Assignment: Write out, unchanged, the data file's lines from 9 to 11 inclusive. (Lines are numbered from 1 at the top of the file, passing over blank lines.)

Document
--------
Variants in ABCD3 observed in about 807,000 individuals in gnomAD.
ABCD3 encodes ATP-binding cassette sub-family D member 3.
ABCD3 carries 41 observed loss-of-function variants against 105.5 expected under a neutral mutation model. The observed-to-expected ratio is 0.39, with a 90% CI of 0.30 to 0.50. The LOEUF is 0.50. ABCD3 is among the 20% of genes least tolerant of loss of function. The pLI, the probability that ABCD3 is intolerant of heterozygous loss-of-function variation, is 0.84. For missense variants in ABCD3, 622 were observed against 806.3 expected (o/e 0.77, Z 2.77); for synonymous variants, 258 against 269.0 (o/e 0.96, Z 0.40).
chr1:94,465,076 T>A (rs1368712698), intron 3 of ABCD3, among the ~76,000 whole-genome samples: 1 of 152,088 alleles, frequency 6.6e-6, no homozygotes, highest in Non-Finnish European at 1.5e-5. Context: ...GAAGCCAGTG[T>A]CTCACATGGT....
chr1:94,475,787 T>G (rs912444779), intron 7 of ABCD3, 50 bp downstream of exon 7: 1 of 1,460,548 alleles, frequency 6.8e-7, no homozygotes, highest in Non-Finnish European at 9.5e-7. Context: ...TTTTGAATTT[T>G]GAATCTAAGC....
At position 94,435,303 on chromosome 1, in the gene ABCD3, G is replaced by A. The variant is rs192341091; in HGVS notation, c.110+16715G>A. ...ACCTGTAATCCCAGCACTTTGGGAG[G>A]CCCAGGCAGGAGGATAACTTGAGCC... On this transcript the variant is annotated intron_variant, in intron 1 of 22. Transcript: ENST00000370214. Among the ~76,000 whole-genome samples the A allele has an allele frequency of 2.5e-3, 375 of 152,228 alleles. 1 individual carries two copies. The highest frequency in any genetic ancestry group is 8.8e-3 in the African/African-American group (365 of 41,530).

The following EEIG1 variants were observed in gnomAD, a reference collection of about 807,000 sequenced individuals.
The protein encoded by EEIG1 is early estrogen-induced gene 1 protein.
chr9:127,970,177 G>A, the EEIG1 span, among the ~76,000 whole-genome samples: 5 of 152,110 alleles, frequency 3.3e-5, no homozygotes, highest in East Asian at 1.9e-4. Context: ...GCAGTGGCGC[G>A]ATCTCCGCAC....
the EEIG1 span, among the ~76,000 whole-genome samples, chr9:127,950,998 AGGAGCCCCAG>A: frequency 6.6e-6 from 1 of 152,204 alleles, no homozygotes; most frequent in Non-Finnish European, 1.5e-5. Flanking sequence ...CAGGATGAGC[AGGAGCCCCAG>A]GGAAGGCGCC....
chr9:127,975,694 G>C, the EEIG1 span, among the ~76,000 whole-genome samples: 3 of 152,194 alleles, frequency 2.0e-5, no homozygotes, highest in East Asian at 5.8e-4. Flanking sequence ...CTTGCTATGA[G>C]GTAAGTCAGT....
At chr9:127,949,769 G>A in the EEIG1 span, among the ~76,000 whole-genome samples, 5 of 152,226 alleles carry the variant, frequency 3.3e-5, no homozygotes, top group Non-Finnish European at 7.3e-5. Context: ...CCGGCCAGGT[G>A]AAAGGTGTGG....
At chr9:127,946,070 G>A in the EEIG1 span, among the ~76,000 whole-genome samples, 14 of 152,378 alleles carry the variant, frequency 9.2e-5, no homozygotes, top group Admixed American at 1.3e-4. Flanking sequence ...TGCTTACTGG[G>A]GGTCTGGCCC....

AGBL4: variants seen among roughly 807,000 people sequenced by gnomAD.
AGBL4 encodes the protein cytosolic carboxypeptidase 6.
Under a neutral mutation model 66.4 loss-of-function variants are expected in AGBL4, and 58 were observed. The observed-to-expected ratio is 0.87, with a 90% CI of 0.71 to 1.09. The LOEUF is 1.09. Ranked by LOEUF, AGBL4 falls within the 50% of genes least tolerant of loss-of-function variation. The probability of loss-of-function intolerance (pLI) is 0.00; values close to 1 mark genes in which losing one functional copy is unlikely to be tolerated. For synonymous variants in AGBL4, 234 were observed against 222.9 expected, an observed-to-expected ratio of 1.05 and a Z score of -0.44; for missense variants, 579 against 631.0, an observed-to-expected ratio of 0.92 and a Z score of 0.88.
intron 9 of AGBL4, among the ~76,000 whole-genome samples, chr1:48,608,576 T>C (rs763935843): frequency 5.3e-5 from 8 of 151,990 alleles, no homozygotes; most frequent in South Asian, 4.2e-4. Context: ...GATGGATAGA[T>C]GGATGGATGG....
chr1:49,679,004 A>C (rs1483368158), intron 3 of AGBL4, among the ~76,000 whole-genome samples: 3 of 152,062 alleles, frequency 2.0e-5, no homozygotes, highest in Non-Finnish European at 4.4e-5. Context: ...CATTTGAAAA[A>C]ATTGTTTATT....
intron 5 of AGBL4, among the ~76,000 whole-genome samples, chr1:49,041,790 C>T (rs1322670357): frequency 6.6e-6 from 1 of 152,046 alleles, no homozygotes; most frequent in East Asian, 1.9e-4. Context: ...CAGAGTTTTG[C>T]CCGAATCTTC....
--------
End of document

chr9:127,970,177 G>A, the EEIG1 span, among the ~76,000 whole-genome samples: 5 of 152,110 alleles, frequency 3.3e-5, no homozygotes, highest in East Asian at 1.9e-4. Context: ...GCAGTGGCGC[G>A]ATCTCCGCAC....
the EEIG1 span, among the ~76,000 whole-genome samples, chr9:127,950,998 AGGAGCCCCAG>A: frequency 6.6e-6 from 1 of 152,204 alleles, no homozygotes; most frequent in Non-Finnish European, 1.5e-5. Flanking sequence ...CAGGATGAGC[AGGAGCCCCAG>A]GGAAGGCGCC....
chr9:127,975,694 G>C, the EEIG1 span, among the ~76,000 whole-genome samples: 3 of 152,194 alleles, frequency 2.0e-5, no homozygotes, highest in East Asian at 5.8e-4. Flanking sequence ...CTTGCTATGA[G>C]GTAAGTCAGT....